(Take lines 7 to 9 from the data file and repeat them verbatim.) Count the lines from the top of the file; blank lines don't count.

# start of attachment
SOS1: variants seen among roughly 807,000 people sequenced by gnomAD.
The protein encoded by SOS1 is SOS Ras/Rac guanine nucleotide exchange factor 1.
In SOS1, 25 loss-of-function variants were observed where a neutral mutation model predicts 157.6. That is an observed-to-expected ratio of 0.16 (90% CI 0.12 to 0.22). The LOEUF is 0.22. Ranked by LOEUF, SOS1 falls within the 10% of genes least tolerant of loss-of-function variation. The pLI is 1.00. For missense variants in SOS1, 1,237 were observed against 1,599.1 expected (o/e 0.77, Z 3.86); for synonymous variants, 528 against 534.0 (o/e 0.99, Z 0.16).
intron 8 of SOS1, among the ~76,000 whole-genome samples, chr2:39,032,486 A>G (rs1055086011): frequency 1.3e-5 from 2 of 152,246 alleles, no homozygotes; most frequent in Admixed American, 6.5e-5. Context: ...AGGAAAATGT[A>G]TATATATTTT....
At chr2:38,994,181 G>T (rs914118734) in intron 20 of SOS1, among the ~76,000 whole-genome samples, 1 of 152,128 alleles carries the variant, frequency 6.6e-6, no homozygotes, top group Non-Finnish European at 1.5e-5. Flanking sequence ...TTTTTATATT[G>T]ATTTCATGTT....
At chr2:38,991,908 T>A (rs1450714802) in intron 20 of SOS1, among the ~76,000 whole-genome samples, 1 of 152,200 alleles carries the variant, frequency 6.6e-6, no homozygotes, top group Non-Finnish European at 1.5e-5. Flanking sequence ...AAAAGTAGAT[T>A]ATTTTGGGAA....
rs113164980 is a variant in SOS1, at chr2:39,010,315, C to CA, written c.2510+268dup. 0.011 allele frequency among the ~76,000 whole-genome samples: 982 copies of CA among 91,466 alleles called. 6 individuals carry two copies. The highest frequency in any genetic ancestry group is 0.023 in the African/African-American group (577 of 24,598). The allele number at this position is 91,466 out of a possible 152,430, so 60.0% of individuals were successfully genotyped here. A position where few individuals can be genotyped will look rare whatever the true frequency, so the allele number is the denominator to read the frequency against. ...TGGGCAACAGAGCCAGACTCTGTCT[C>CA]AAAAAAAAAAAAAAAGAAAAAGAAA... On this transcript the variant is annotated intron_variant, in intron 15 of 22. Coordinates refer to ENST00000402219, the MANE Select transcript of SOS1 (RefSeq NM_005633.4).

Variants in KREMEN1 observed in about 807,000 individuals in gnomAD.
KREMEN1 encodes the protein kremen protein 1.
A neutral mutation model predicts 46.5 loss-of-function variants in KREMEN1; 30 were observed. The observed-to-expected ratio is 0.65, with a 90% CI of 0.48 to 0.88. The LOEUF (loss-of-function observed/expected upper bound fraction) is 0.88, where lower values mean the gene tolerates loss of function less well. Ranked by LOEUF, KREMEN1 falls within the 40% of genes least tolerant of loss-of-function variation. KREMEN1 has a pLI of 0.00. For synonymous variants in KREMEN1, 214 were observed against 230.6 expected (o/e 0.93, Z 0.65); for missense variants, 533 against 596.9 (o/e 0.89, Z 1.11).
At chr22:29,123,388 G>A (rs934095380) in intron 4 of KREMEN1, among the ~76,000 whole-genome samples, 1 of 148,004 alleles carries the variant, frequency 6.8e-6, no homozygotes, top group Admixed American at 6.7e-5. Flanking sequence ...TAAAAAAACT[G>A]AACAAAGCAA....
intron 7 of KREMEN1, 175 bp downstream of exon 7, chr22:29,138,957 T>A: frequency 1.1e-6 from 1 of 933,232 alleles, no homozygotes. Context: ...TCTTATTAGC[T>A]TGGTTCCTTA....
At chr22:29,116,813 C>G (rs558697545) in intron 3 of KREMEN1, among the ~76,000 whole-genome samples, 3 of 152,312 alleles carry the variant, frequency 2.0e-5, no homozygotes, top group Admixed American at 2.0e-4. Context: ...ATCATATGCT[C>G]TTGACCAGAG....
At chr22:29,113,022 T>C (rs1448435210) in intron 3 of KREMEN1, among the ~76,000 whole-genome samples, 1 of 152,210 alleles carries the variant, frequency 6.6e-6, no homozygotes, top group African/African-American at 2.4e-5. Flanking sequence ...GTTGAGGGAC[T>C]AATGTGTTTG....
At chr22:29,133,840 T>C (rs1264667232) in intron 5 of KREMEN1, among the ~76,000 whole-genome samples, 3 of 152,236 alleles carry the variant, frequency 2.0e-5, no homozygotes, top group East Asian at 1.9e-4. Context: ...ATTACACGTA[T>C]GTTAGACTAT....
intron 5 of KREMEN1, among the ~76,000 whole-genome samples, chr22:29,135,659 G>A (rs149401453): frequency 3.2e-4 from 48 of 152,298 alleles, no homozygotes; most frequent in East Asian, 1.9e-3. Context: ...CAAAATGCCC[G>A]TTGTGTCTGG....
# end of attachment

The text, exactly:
rs113164980 is a variant in SOS1, at chr2:39,010,315, C to CA, written c.2510+268dup. 0.011 allele frequency among the ~76,000 whole-genome samples: 982 copies of CA among 91,466 alleles called. 6 individuals carry two copies. The highest frequency in any genetic ancestry group is 0.023 in the African/African-American group (577 of 24,598). The allele number at this position is 91,466 out of a possible 152,430, so 60.0% of individuals were successfully genotyped here. A position where few individuals can be genotyped will look rare whatever the true frequency, so the allele number is the denominator to read the frequency against. ...TGGGCAACAGAGCCAGACTCTGTCT[C>CA]AAAAAAAAAAAAAAAGAAAAAGAAA... On this transcript the variant is annotated intron_variant, in intron 15 of 22. Coordinates refer to ENST00000402219, the MANE Select transcript of SOS1 (RefSeq NM_005633.4).

Variants in KREMEN1 observed in about 807,000 individuals in gnomAD.
KREMEN1 encodes the protein kremen protein 1.